- The Washington Times - Monday, July 25, 2005

The Bush administration and House allies are cobbling together support for the Central American Free Trade Agreement ahead of a too-close-to-call vote on the pact scheduled for this week.

The Republican leadership plans a get-tough vote on China today meant to win CAFTA votes, while the administration intensely is lobbying individual lawmakers to vote in favor of the pact.

CAFTA would lower tariffs and set investment rules for the United States, Dominican Republic, Costa Rica, El Salvador, Guatemala, Honduras and Nicaragua.

The China bill would allow U.S. companies to win protection if they can show that China is unfairly subsidizing its exports, monitor China’s compliance with trade rules and step up enforcement against trade rule violations.

“Anything in the right direction on China is probably helpful on CAFTA,” Rep. Phil English, Pennsylvania Republican, told the Associated Press.

Mr. English insisted the China bill come up for a vote before swinging in favor of CAFTA. The bill would be considered under special rules that require two-thirds support and still could be delayed.

Separately, an administration initiative on textiles paid off yesterday when three textile-state Republicans said they would support CAFTA after the U.S. Trade Representative’s office pledged to close loopholes that would have allowed China to ship fabric to the United States via Central America. The loophole would have hurt U.S. manufacturers.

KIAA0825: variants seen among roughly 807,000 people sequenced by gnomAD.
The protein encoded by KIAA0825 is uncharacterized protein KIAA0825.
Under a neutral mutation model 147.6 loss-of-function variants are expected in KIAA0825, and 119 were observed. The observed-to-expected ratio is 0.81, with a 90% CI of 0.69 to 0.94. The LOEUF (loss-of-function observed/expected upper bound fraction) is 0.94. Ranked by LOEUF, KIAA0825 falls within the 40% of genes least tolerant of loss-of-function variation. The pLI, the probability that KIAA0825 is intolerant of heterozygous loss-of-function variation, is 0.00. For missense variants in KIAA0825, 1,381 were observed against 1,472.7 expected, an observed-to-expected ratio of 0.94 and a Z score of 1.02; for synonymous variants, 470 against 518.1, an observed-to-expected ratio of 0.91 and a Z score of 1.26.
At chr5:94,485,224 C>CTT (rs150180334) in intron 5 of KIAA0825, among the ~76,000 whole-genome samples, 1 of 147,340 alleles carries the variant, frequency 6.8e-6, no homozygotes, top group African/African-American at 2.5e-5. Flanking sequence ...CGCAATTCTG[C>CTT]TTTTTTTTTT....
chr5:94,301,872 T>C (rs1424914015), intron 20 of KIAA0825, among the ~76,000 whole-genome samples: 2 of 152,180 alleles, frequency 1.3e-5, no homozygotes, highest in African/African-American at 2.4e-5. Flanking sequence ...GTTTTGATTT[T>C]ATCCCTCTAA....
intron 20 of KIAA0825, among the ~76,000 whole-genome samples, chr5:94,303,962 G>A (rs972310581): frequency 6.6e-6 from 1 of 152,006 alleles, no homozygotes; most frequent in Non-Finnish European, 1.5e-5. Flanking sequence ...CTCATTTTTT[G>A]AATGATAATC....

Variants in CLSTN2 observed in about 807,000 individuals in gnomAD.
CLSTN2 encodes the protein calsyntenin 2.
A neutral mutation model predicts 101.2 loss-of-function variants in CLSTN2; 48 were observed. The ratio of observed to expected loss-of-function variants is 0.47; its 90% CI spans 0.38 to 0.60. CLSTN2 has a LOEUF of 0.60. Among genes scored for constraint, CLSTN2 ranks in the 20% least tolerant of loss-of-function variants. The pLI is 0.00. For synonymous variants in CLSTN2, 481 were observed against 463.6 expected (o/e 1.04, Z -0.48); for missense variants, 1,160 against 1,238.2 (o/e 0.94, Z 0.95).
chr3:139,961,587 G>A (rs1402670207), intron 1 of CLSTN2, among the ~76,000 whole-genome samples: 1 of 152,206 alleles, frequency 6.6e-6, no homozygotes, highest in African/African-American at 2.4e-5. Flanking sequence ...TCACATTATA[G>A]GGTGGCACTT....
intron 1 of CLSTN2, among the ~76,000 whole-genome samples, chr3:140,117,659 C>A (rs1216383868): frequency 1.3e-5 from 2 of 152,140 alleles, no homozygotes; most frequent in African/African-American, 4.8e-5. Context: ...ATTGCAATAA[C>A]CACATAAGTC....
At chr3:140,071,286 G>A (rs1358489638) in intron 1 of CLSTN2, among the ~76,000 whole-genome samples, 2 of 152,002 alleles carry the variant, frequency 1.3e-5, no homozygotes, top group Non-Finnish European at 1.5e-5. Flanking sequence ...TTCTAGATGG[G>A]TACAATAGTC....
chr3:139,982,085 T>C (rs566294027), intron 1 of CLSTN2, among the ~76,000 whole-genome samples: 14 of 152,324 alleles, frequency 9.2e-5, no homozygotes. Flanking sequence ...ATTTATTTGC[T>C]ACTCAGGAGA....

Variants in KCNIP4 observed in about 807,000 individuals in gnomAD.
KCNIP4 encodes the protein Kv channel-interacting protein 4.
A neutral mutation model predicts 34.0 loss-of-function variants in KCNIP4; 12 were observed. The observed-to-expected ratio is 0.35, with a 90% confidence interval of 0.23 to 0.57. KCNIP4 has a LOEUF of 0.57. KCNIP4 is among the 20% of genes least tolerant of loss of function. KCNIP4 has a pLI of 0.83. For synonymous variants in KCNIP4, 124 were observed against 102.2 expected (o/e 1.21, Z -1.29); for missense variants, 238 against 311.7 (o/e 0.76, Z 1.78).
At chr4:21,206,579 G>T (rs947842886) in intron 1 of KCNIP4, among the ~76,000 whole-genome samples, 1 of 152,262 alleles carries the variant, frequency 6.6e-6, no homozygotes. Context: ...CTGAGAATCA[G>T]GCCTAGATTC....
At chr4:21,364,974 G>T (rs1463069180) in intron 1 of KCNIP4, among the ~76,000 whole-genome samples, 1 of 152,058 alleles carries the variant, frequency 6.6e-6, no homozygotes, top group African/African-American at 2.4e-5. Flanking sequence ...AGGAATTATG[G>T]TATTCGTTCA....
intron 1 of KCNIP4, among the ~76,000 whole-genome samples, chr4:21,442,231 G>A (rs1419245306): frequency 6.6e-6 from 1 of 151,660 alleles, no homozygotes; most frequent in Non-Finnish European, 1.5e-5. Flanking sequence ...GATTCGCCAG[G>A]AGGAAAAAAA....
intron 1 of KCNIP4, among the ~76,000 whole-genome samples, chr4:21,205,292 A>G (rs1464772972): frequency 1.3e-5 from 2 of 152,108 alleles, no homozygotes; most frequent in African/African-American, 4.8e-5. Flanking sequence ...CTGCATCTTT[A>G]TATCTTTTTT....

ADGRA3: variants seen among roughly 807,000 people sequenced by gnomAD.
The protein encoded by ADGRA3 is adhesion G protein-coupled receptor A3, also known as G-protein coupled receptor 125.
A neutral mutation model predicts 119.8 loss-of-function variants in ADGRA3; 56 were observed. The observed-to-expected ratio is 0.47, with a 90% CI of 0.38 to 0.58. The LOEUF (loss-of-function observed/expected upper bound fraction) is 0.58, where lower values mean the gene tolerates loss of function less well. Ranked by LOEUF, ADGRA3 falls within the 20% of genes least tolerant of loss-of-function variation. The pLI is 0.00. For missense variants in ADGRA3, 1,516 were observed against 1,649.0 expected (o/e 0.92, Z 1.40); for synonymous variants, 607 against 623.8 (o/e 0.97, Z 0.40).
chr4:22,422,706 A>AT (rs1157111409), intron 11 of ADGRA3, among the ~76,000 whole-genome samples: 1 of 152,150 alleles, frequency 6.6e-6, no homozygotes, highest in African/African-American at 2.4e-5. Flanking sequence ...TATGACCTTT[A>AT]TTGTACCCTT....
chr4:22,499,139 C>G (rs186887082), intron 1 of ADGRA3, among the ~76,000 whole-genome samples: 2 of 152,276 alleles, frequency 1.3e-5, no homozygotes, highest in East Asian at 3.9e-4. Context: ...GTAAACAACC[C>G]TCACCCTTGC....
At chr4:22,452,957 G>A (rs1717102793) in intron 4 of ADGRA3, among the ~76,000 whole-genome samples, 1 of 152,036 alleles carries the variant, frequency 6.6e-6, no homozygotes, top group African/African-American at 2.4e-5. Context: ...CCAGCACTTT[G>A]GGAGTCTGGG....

“I think we have gotten some real improvement in the agreement,” said Republican Rep. Bob Inglis of South Carolina, flanked by Republican Reps. Spencer Bachus and Mike D. Rogers of Alabama.

The administration also has promised to protect the sugar industry and to spend more on labor rights. Republican leaders also have suggested that support for CAFTA would translate into spending for individual districts.

CAFTA opponents, however, are just as adamant that the agreement not pass and question the administration’s tactics to win votes.

“CAFTA can’t pass on its merits,” said Rep. Sherrod Brown, Ohio Democrat.

The trade deal’s critics also are warning lawmakers that the administration may not fulfill the pledges it makes ahead of the vote.

“No one gets paid up front. This is just a wing-and-a-prayer type of pledge,” said Lloyd Wood, spokesman for the American Manufacturing Trade Action Coalition.

Mr. Wood specifically referred to yesterday’s announcement on textiles, but also said that promises made to win votes on previous trade agreements have not always been fulfilled.

Public Citizen, an advocacy group that opposes CAFTA, last month released a report documenting promises made for trade vote support since 1992.

“Of the past policy promises designed to put a gloss on a contested agreement and give political cover to members of Congress, just seven were kept and 56 broken,” Public Citizen said.

Underscoring the importance of individual votes, organized labor in a letter to House Minority Leader Nancy Pelosi, California Democrat, yesterday threatened to withhold financial support from three Democrats facing tough re-election campaigns if they vote for CAFTA.

The American Federation of State, County and Municipal Employees; American Federation of Teachers, Teamsters and other unions singled out Democratic Reps. Melissa Bean of Illinois, Jim Matheson of Utah and Dennis Moore of Kansas because unions think they are undecided or leaning in favor of CAFTA.


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